On the opening weekend of the Premier League season, all eyes were on three expensive strikers who had changed clubs over the summer.
Alvaro Morata signed for Chelsea, Alexandre Lacazette signed for Arsenal and Romelu Lukaku signed for Manchester United.
Arsenal’s opening game of the season was on a Friday night against Leicester and Lacazette scored after two minutes. The following day, Chelsea lost their first match of the season 3-2 at home to Burnley, but Morata got on the scoresheet.
Social media was filled with plenty of comments about United’s new striker, with the pressure on him to score. Journalists and rival fans claimed that Morata was the more intelligent player, while Arsenal fans hailed Lacazette’s skilful feet in contrast to Lukaku’s apparently poor first touch.
Over to you, Lukaku. Less than an hour in to his Premier League debut for United (forgetting that he had already scored his first goal for his new club against Real Madrid in the Super Cup final), he had two goals to his name.
Fast forward six months and the Belgian now has 22 goals for United, which is more than Morata and Lacazette have scored combined for their respective teams.
That’s not to say it’s been plain sailing for him, with his goal against Chelsea on Sunday his first against a top six club this season, but 22 goals and eight assists is a good return from 40 appearances.
What has been impressive is how often Lukaku has played a role in the run up to his goals too.
Whether it’s holding the ball up or playing a one-two with another forward, Lukaku isn’t just in the right place at the right time to put the ball away in the six-yard box. He contributes to the goals he’s scored, as well as those of his teammates, even if unable to claim the assist.
He’s now two goals short of joining the Premier League 100 club, which is impressive when you consider he’s spent most of his time in England playing for mid-table teams. Presuming he reaches his century before he’s 25, only Michael Owen, Robbie Fowler, Wayne Rooney and Harry Kane will have reached the tally at a younger age than him, seeing him beat the likes of legendary strikers Alan Shearer and Andy Cole.
“I just need to keep working hard,” he said following victory over Chelsea. “I think I have got a nice record. I’ve scored a lot this season and I just want to keep going. I know that I can improve, and I want to improve and really work hard.
“I started playing when I was 16. Year in, year out people expect 20 goals from me. I’ve been doing it for 10 years straight, so I think I’ve proved myself. You expect a bit more respect but it’s the situation we’re in. I don’t listen to it. I just want to improve and show the people what I can do on the pitch.”
In the summer, it had appeared as though Morata was going to United and Lukaku to Chelsea, yet out of nowhere, Jose Mourinho swooped in for his first-choice target, leaving the Spaniard moving to the London club. The decision made by the United manager was scoffed at by some, with pundits and rival fans claiming that Chelsea had signed the better player.
European football journalist Mina Rzouki told BBC 5 Live: “I would pay £20m or £30m more if I had to and I would bring in Morata. That is because I would always prefer an intelligent player in my team. Even if he doesn’t score as many goals, even if he doesn’t do whatever he needs to.”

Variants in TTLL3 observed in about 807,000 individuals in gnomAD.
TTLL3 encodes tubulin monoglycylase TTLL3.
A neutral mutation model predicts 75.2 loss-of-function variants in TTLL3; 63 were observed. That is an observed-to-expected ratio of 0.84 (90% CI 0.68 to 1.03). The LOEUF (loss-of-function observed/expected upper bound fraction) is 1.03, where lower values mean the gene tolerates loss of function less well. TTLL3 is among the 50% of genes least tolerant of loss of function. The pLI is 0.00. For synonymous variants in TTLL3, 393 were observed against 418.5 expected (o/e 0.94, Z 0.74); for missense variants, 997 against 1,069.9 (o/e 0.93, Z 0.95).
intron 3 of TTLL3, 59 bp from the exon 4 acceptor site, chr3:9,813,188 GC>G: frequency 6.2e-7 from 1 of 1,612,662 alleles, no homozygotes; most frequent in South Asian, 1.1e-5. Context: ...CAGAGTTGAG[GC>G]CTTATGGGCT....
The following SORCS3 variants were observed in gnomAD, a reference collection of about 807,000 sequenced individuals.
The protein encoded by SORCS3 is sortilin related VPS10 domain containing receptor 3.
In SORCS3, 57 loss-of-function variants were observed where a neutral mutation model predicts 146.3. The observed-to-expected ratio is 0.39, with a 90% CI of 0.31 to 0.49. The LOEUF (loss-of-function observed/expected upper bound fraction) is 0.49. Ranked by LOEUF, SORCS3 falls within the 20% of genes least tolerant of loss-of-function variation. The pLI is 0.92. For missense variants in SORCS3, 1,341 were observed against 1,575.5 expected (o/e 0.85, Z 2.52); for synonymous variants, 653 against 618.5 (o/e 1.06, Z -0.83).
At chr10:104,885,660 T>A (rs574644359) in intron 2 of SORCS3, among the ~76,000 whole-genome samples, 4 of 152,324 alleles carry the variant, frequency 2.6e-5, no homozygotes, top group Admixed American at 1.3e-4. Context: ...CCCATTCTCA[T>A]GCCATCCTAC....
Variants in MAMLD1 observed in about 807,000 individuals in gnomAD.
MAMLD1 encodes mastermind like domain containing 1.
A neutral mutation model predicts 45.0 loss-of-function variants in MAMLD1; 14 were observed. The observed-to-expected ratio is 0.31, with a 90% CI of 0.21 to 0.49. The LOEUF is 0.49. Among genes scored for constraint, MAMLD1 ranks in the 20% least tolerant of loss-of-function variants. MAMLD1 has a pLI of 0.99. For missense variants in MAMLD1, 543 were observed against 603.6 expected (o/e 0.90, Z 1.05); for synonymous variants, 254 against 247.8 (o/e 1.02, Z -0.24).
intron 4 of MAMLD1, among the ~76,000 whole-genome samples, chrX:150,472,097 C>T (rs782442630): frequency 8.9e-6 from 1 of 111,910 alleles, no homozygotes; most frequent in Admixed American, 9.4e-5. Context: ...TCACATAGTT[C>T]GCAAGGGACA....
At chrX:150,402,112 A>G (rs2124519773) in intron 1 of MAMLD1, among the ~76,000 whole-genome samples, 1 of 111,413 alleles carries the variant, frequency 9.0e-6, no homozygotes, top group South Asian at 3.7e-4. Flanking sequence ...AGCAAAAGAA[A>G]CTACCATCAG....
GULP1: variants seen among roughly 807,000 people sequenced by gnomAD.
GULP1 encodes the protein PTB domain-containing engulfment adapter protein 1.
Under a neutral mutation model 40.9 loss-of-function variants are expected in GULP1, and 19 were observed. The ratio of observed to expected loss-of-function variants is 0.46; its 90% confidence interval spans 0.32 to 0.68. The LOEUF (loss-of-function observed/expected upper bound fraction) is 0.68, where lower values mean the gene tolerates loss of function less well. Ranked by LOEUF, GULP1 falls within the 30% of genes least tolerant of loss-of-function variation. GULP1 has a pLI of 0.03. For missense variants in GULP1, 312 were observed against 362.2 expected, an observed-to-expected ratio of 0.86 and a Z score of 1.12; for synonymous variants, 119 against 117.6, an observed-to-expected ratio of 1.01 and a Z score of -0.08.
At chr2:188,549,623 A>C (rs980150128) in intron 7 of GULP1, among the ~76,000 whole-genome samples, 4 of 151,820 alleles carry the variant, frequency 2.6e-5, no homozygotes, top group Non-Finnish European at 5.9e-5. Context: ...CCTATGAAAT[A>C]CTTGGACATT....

This was a fairly dismissive claim to make though, of a man who speaks six languages and works tirelessly on improving his game.
Roberto Martinez, his former club manager and current international boss, spoke about Lukaku’s intelligence back in 2013.
“The first time I spoke with him I realised that he was not a typical centre forward, power whatever,” he said. He is a thinker. He is a really knowledgeable man and is someone who looks at games in a very different way.”
In 2016, Lukaku was interviewed by Thierry Henry for Sky Sports and spoke of the lengths he goes to in order to improve.
“I have a lot of clips on my computer of different types of strikers and I spend hours, and hours, and hours watching it,” Lukaku said. “I try to learn what their strongest points are, pick out a little bit and work on it in training. I love watching football. I love studying other players.”
Henry puffed out his cheeks at one point in the interview, exclaiming, “it’s refreshing to see how bright you are.”
Lukaku has yet to prove that he’s able to shine up front in the same way that Ruud van Nistelrooy or Cole did, but he’s already achieved more than either player had at the same age. As much as Lukaku wants to learn, some things can’t be taught, but he’s still so early on in to his career.
Judging on their debut seasons, there’s no denying that United signed the better striker out of the three last summer, but there’s more for Lukaku to be done before the season ends.
His big game goal must be a weight off his back, even if he claims otherwise, and now he needs to add to that. With games against Liverpool and Manchester City on the horizon, as well as important games in the Champions League and FA Cup, the big striker has to keep getting on the scoresheet when it really matters.
That’s not to say that Mourinho should persist with him no matter what, with Anthony Martial deserving of further chances in that role following his performance in what was arguably United’s best game of the season, their 2-0 win at Goodison Park.
Yet Lukaku is currently enjoying a great run, with seven goals in his 10 appearances of 2018, and with his boosted confidence, must continue to perform to prove he is a big club player.